10 Never abandon a friend— either yours or your father’s. When disaster strikes, you won’t have to ask your brother for assistance. It’s better to go to a neighbor than to a brother who lives far away.
11 Be wise, my child,[c] and make my heart glad. Then I will be able to answer my critics.
12 A prudent person foresees danger and takes precautions. The simpleton goes blindly on and suffers the consequences.
13 Get security from someone who guarantees a stranger’s debt. Get a deposit if he does it for foreigners.[d]
14 A loud and cheerful greeting early in the morning will be taken as a curse!
15 A quarrelsome wife is as annoying as constant dripping on a rainy day. 16 Stopping her complaints is like trying to stop the wind or trying to hold something with greased hands.
17 As iron sharpens iron, so a friend sharpens a friend.
18 As workers who tend a fig tree are allowed to eat the fruit, so workers who protect their employer’s interests will be rewarded.
19 As a face is reflected in water, so the heart reflects the real person.
20 Just as Death and Destruction[e] are never satisfied, so human desire is never satisfied.
21 Fire tests the purity of silver and gold, but a person is tested by being praised.[f]
22 You cannot separate fools from their foolishness, even though you grind them like grain with mortar and pestle.
23 Know the state of your flocks, and put your heart into caring for your herds, 24 for riches don’t last forever, and the crown might not be passed to the next generation. 25 After the hay is harvested and the new crop appears and the mountain grasses are gathered in, 26 your sheep will provide wool for clothing, and your goats will provide the price of a field. 27 And you will have enough goats’ milk for yourself, your family, and your servant girls.
28 The wicked run away when no one is chasing them, but the godly are as bold as lions.
2 When there is moral rot within a nation, its government topples easily. But wise and knowledgeable leaders bring stability.
3 A poor person who oppresses the poor is like a pounding rain that destroys the crops.
4 To reject the law is to praise the wicked; to obey the law is to fight them.
5 Evil people don’t understand justice, but those who follow the Lord understand completely.
6 Better to be poor and honest than to be dishonest and rich.
7 Young people who obey the law are wise; those with wild friends bring shame to their parents.[g]
8 Income from charging high interest rates will end up in the pocket of someone who is kind to the poor.
9 God detests the prayers of a person who ignores the law.
10 Those who lead good people along an evil path will fall into their own trap, but the honest will inherit good things.
11 Rich people may think they are wise, but a poor person with discernment can see right through them.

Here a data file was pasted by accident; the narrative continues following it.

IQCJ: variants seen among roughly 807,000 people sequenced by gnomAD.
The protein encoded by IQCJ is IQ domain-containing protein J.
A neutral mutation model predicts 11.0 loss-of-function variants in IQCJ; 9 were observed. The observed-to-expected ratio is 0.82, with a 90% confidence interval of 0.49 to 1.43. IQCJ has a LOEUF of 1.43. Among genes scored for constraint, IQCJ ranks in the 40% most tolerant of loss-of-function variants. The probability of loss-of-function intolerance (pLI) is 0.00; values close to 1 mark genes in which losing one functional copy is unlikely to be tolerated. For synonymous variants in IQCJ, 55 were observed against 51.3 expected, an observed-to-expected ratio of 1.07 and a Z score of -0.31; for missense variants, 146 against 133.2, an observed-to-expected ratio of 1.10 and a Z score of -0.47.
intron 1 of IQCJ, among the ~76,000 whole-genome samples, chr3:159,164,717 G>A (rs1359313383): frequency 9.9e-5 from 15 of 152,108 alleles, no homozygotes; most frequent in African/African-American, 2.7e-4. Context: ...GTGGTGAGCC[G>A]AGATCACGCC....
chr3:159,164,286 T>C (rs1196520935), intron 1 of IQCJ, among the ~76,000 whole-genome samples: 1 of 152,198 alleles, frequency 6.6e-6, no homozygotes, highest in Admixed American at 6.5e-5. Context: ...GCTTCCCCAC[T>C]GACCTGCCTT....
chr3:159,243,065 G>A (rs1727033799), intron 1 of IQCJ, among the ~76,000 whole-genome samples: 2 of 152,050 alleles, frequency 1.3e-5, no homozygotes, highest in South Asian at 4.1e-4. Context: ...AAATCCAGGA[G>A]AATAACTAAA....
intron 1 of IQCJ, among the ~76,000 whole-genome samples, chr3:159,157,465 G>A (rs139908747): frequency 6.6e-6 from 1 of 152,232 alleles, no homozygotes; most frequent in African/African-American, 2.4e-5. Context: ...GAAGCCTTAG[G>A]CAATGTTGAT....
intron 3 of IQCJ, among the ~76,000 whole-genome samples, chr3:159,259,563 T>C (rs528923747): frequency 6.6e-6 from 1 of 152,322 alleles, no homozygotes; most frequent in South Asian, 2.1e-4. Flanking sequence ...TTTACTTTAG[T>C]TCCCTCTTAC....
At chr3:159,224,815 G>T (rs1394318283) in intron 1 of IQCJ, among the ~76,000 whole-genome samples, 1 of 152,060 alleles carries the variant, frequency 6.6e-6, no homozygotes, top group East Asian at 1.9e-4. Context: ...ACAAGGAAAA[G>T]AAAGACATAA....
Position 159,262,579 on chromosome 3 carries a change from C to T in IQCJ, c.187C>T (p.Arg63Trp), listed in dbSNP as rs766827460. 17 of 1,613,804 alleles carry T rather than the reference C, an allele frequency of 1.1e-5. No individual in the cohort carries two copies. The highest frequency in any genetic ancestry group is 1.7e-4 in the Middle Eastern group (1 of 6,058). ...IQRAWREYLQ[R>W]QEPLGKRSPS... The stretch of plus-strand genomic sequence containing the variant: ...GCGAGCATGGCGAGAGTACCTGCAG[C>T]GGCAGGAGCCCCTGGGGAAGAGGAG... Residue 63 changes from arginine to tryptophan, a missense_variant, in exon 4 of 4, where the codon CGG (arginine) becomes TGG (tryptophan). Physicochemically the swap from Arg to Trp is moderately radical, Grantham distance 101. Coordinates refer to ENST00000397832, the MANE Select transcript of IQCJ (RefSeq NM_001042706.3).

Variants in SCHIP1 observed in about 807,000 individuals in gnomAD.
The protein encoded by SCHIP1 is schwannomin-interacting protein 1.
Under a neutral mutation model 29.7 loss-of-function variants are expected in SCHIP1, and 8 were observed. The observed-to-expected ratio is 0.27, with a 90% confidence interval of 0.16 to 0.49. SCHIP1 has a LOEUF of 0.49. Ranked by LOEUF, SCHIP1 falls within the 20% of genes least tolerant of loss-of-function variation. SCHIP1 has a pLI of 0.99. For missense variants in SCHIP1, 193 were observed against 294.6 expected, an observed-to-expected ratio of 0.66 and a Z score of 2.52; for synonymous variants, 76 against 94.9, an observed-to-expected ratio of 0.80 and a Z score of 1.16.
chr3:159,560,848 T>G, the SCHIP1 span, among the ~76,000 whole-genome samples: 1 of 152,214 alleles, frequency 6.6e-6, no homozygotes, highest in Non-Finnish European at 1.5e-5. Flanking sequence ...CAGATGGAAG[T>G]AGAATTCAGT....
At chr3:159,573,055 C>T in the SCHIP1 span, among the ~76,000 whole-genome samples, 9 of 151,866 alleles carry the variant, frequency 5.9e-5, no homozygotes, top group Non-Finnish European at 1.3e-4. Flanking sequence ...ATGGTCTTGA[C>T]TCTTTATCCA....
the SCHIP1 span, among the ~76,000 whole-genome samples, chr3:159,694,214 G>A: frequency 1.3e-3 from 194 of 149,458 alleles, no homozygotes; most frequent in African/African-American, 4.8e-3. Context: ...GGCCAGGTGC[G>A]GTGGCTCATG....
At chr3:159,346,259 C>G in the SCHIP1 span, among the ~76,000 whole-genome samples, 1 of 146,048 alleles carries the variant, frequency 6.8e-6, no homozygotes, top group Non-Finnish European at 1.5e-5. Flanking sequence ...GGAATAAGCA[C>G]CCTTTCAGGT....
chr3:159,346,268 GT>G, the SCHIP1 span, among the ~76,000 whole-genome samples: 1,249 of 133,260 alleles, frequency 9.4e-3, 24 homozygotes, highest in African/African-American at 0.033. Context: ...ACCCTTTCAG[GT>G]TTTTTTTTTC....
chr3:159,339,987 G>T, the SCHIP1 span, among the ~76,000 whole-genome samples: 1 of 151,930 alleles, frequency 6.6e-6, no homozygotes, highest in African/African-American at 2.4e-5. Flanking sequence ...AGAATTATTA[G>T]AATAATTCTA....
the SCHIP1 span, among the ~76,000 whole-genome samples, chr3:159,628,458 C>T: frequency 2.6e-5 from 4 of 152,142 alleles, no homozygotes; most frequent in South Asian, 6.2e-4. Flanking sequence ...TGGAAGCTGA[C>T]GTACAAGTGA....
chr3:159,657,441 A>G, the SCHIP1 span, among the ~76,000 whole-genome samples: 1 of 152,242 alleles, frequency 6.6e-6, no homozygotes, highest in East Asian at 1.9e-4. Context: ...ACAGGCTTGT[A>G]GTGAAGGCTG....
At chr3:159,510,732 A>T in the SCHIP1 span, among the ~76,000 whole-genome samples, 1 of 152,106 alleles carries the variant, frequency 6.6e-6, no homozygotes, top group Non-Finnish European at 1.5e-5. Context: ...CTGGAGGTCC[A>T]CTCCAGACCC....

12 When the godly succeed, everyone is glad. When the wicked take charge, people go into hiding.
13 People who conceal their sins will not prosper, but if they confess and turn from them, they will receive mercy.
14 Blessed are those who fear to do wrong,[h] but the stubborn are headed for serious trouble.
15 A wicked ruler is as dangerous to the poor as a roaring lion or an attacking bear.
16 A ruler with no understanding will oppress his people, but one who hates corruption will have a long life.
17 A murderer’s tormented conscience will drive him into the grave. Don’t protect him!
18 The blameless will be rescued from harm, but the crooked will be suddenly destroyed.
19 A hard worker has plenty of food, but a person who chases fantasies ends up in poverty.
20 The trustworthy person will get a rich reward, but a person who wants quick riches will get into trouble.
21 Showing partiality is never good, yet some will do wrong for a mere piece of bread.
22 Greedy people try to get rich quick but don’t realize they’re headed for poverty.
23 In the end, people appreciate honest criticism far more than flattery.
24 Anyone who steals from his father and mother and says, “What’s wrong with that?” is no better than a murderer.
25 Greed causes fighting; trusting the Lord leads to prosperity.
26 Those who trust their own insight are foolish, but anyone who walks in wisdom is safe.
27 Whoever gives to the poor will lack nothing, but those who close their eyes to poverty will be cursed.
28 When the wicked take charge, people go into hiding. When the wicked meet disaster, the godly flourish.
29 Whoever stubbornly refuses to accept criticism will suddenly be destroyed beyond recovery.
2 When the godly are in authority, the people rejoice. But when the wicked are in power, they groan.
3 The man who loves wisdom brings joy to his father, but if he hangs around with prostitutes, his wealth is wasted.
4 A just king gives stability to his nation, but one who demands bribes destroys it.